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Skybus starts selling tickets today, with some one-way fares for $10
[April 24, 2007]

Skybus starts selling tickets today, with some one-way fares for $10

(Columbus Dispatch (Ohio) (KRT) Via Thomson Dialog NewsEdge) Apr. 24--How do you make a splash as a startup airline? Try $10 fares.

Skybus Airlines is expected to announce this morning that it will sell at least 10 seats on each of its flights for $10 one way before taxes and fees, according to a source familiar with the plan who spoke on the condition of anonymity.

That means dozens of people who are quick enough to book the fares will be able to fly for about $40 roundtrip to cities including Los Angeles, via Burbank, Calif.; Kansas City, Mo.; and Fort Lauderdale, Fla.

After the $10 fares are sold out, Skybus officials have said fliers can expect the remaining fares to cost about half the current norm to the same destinations from Columbus. The Airbus A319 planes Skybus will fly will accommodate about 140 other passengers.


The $10 deals are expected to remain in place and aren't part of a startup promotional strategy.

Though flying to Boston has become more affordable since JetBlue began offering $39 one-way promotional fares there from Columbus, most of the cities Skybus will serve typically cost between $150 and $300 for a roundtrip ticket, and most involve at least one stop.

Skybus is expected to announce eight nonstop destinations from Port Columbus. The other five routes are to Richmond, Va.; the Boston market, via Portsmouth, N.H.; the Seattle and Vancouver areas, via Bellingham, Wash.; Greensboro/Winston-Salem, in North Carolina; and San Francisco, via the airport in Oakland.

Pending final approval from the Federal Aviation Administration, Skybus expects to start flying May 22, with the other destinations to be rolled out over several weeks through mid-June. Most of the cities will be served with one daily flight in each direction, with Boston and Los Angeles being the exception, with two daily flights each way.

The airline plans to start selling tickets at 6 a.m. today. As one of the airline's many moves to keep costs low, tickets will be available only on the company's Web site, www.skybus.com.

Skybus plans to follow the style of European budget airline Ryanair by charging extra for checked bags, priority seating and all on-board refreshments. Passengers boarding from Port Columbus must walk down stairs or a ramp and board from the ground rather than from an elevated jetway, which most major U.S. carriers provide.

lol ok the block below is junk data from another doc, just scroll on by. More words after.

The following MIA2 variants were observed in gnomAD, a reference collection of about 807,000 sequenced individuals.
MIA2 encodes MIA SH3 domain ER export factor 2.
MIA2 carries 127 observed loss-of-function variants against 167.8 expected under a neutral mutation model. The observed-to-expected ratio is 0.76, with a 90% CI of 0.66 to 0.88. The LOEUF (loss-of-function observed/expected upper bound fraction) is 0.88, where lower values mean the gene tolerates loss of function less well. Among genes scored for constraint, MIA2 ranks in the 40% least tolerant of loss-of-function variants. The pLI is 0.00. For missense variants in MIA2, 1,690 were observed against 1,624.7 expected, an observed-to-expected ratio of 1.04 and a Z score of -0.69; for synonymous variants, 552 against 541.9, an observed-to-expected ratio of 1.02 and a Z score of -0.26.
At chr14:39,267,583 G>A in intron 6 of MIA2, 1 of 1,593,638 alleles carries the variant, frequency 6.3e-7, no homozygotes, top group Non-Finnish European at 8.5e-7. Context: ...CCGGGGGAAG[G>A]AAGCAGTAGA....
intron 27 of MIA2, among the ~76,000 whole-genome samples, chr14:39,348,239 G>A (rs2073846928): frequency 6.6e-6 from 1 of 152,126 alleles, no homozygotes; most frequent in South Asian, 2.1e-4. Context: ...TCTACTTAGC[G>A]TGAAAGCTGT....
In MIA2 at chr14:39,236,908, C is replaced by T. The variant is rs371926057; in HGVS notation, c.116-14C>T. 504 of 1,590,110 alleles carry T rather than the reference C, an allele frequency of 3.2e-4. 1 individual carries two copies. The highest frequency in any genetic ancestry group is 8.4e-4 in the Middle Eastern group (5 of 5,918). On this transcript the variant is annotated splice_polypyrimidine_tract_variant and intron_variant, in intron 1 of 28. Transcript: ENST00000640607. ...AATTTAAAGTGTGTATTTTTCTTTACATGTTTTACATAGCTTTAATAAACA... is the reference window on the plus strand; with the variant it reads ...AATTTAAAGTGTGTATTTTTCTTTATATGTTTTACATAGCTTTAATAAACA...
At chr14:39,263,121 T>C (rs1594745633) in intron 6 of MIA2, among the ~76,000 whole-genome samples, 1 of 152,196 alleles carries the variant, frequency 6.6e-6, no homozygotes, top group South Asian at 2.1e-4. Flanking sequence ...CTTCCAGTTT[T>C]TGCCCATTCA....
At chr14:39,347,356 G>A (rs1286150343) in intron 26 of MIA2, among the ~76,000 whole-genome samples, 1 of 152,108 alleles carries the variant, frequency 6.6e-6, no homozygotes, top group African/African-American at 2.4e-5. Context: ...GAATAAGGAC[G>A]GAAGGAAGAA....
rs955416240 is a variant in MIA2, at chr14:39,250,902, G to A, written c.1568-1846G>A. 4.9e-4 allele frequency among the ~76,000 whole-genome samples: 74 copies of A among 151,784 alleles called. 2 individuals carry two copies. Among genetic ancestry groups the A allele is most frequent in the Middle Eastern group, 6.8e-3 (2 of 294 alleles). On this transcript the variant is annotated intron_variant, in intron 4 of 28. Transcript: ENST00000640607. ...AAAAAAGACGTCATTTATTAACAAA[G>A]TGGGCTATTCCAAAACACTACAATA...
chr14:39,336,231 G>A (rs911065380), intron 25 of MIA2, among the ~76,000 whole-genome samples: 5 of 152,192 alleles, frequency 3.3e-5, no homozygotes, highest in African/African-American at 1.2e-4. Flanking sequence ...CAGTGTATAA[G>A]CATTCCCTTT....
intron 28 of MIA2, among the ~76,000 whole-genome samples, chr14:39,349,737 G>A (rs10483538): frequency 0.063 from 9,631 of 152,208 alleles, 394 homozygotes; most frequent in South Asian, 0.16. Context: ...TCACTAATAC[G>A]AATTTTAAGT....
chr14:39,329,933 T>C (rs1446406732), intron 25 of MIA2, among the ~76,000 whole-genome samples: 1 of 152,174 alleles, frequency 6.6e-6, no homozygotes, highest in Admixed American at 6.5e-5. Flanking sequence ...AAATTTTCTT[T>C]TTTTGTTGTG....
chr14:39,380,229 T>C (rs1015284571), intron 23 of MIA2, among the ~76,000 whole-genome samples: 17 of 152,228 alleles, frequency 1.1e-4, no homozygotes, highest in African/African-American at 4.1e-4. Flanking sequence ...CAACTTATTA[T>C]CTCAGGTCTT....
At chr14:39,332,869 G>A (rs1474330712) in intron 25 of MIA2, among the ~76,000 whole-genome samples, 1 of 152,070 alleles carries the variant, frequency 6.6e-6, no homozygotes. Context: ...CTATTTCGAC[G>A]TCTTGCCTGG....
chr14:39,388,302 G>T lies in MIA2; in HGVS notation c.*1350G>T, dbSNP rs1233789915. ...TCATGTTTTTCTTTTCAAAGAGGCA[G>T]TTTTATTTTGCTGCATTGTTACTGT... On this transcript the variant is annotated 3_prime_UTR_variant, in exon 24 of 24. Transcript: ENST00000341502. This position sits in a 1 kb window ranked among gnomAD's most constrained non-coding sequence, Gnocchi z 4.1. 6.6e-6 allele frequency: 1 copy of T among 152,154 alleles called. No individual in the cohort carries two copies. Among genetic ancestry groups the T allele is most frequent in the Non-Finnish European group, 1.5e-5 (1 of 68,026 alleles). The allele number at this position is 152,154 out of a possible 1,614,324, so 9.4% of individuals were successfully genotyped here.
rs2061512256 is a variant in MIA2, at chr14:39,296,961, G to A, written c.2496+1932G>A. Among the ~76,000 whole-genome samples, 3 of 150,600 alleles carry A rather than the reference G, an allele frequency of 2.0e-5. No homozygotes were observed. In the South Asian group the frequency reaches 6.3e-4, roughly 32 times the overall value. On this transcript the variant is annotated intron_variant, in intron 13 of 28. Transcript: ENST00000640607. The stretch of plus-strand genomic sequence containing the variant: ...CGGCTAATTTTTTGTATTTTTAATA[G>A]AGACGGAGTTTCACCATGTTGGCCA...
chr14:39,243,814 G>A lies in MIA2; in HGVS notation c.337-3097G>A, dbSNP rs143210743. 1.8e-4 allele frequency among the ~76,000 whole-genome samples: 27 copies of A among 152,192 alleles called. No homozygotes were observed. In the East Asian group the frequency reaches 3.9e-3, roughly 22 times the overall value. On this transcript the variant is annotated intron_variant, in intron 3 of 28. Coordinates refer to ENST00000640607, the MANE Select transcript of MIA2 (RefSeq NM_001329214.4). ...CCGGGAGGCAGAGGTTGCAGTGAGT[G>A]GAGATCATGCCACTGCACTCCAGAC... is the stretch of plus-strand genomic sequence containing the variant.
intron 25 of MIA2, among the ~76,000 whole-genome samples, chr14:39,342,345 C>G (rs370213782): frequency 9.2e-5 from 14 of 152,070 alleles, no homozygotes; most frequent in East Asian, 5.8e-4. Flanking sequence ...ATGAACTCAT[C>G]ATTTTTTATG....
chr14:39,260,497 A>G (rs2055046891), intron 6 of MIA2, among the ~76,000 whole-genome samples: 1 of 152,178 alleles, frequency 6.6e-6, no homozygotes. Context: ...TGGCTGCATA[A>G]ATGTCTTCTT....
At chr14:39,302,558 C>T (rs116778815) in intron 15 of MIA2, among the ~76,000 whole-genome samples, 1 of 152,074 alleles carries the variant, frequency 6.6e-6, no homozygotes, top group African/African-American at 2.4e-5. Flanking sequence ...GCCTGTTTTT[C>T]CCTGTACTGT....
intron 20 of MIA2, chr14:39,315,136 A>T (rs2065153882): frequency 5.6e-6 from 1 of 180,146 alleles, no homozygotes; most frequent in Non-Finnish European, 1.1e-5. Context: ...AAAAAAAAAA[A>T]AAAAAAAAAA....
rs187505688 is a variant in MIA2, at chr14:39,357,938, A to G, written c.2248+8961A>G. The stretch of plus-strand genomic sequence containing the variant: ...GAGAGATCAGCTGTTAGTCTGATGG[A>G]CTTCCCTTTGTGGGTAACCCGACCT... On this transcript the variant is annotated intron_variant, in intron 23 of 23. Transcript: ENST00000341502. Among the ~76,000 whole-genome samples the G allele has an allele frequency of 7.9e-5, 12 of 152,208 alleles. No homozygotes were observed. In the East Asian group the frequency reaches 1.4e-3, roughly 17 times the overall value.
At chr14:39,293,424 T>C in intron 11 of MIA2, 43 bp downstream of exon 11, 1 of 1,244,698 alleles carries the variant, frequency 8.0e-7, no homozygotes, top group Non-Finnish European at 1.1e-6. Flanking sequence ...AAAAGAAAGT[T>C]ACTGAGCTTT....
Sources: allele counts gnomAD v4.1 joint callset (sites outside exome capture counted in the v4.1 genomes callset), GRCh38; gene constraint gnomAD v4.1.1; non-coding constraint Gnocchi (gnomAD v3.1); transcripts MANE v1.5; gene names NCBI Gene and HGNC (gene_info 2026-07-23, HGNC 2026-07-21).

Skybus has attracted $160 million in startup funds, thought to be the most of any airline startup since deregulation in the late 1970s. Columbus-area investors include Nationwide Mutual Capital, Battelle, Huntington Capital Investment Co. and Wolfe Enterprises Inc., a subsidiary of The Dispatch Printing Company.

But it's flying into the headwinds of history. Dozens of upstart airlines have failed, with Southwest and JetBlue among the few notable exceptions. Some analysts have expressed skepticism at Skybus' use of secondary airports in some cases, and have questioned whether there is enough demand to and from Columbus to fill flights beyond the airline's initial honeymoon period here.

Local travel agents say they welcome Skybus and are rooting for it, even though the airline isn't selling tickets through agents. Columbus-area agencies, including Twin Horizons Travel and Bexley Travel, say they will book Skybus flights for clients for a fee.

Robin and Susan Schneider of Twin Horizons Travel cautioned that fliers may be without an advocate if they book online and then need backup help.

"They don't have agreements with the other airlines to put people on other flights if theirs get canceled," Robin Schneider said. "I think for these reasons, they'll initially have a tough time cracking the business market, which everyone needs to survive."

Susan Schneider added that offering just a handful of ultra-low fares can backfire on an airline.

"We get calls all the time from people asking why they can't get a fare they saw promoted," said Schneider. "It can have the unintended consequence of coming across as a bait-and-switch."

Bexley Travel manager Sandy Niklaus, though, sees strong demand for well-priced, nonstop service to top markets such as Los Angeles and Fort Lauderdale.

"Everyone wants direct flights," Niklaus said. "As long as their service is good and their planes are flying as scheduled, I don't think concerns about backup planes and online booking are going to deter people."

mrose@dispatch.com

Copyright (c) 2007, The Columbus Dispatch, Ohio
Distributed by McClatchy-Tribune Business News.
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